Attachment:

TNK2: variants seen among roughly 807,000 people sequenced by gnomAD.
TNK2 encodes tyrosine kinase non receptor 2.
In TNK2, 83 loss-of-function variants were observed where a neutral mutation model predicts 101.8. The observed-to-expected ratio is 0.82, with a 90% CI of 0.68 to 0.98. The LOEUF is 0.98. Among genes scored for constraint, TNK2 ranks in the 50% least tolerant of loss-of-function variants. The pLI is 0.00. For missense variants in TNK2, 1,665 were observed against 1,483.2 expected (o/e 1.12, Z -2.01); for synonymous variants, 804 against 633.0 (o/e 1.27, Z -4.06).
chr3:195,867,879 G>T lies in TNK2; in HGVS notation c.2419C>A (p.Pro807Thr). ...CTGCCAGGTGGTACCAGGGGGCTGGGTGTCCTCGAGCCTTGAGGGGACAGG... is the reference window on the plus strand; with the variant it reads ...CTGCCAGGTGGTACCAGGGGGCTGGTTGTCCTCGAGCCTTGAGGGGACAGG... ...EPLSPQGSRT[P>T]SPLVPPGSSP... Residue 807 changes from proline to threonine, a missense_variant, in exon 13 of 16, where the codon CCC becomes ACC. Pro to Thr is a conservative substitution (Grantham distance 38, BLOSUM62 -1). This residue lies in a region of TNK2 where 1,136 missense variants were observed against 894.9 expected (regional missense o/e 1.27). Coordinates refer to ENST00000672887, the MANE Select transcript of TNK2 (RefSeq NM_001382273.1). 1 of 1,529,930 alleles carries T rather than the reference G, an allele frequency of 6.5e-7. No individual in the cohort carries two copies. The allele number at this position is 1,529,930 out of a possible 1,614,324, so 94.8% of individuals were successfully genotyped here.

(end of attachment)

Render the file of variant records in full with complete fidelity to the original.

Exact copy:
TNK2: variants seen among roughly 807,000 people sequenced by gnomAD.
TNK2 encodes tyrosine kinase non receptor 2.
In TNK2, 83 loss-of-function variants were observed where a neutral mutation model predicts 101.8. The observed-to-expected ratio is 0.82, with a 90% CI of 0.68 to 0.98. The LOEUF is 0.98. Among genes scored for constraint, TNK2 ranks in the 50% least tolerant of loss-of-function variants. The pLI is 0.00. For missense variants in TNK2, 1,665 were observed against 1,483.2 expected (o/e 1.12, Z -2.01); for synonymous variants, 804 against 633.0 (o/e 1.27, Z -4.06).
chr3:195,867,879 G>T lies in TNK2; in HGVS notation c.2419C>A (p.Pro807Thr). ...CTGCCAGGTGGTACCAGGGGGCTGGGTGTCCTCGAGCCTTGAGGGGACAGG... is the reference window on the plus strand; with the variant it reads ...CTGCCAGGTGGTACCAGGGGGCTGGTTGTCCTCGAGCCTTGAGGGGACAGG... ...EPLSPQGSRT[P>T]SPLVPPGSSP... Residue 807 changes from proline to threonine, a missense_variant, in exon 13 of 16, where the codon CCC becomes ACC. Pro to Thr is a conservative substitution (Grantham distance 38, BLOSUM62 -1). This residue lies in a region of TNK2 where 1,136 missense variants were observed against 894.9 expected (regional missense o/e 1.27). Coordinates refer to ENST00000672887, the MANE Select transcript of TNK2 (RefSeq NM_001382273.1). 1 of 1,529,930 alleles carries T rather than the reference G, an allele frequency of 6.5e-7. No individual in the cohort carries two copies. The allele number at this position is 1,529,930 out of a possible 1,614,324, so 94.8% of individuals were successfully genotyped here.